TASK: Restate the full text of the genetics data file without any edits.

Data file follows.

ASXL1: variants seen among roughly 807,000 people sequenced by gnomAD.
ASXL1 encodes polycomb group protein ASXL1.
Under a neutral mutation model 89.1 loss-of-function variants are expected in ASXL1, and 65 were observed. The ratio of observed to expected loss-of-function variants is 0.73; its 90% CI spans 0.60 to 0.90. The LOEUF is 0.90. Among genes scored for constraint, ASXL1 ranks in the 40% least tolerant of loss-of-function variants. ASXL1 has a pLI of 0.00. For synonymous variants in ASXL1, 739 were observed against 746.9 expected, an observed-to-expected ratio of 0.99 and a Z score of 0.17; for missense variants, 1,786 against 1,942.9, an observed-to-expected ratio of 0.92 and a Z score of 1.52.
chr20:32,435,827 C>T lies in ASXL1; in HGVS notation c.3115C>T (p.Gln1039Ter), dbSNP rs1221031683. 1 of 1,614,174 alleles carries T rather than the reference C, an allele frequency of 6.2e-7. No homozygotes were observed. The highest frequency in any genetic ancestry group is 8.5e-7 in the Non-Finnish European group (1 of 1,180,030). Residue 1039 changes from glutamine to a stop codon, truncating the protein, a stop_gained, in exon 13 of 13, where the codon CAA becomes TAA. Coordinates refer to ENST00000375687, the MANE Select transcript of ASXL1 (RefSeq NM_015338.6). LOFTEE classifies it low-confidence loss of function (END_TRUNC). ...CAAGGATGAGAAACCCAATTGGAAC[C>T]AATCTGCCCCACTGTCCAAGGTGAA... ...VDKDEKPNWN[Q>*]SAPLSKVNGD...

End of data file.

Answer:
ASXL1: variants seen among roughly 807,000 people sequenced by gnomAD.
ASXL1 encodes polycomb group protein ASXL1.
Under a neutral mutation model 89.1 loss-of-function variants are expected in ASXL1, and 65 were observed. The ratio of observed to expected loss-of-function variants is 0.73; its 90% CI spans 0.60 to 0.90. The LOEUF is 0.90. Among genes scored for constraint, ASXL1 ranks in the 40% least tolerant of loss-of-function variants. ASXL1 has a pLI of 0.00. For synonymous variants in ASXL1, 739 were observed against 746.9 expected, an observed-to-expected ratio of 0.99 and a Z score of 0.17; for missense variants, 1,786 against 1,942.9, an observed-to-expected ratio of 0.92 and a Z score of 1.52.
chr20:32,435,827 C>T lies in ASXL1; in HGVS notation c.3115C>T (p.Gln1039Ter), dbSNP rs1221031683. 1 of 1,614,174 alleles carries T rather than the reference C, an allele frequency of 6.2e-7. No homozygotes were observed. The highest frequency in any genetic ancestry group is 8.5e-7 in the Non-Finnish European group (1 of 1,180,030). Residue 1039 changes from glutamine to a stop codon, truncating the protein, a stop_gained, in exon 13 of 13, where the codon CAA becomes TAA. Coordinates refer to ENST00000375687, the MANE Select transcript of ASXL1 (RefSeq NM_015338.6). LOFTEE classifies it low-confidence loss of function (END_TRUNC). ...CAAGGATGAGAAACCCAATTGGAAC[C>T]AATCTGCCCCACTGTCCAAGGTGAA... ...VDKDEKPNWN[Q>*]SAPLSKVNGD...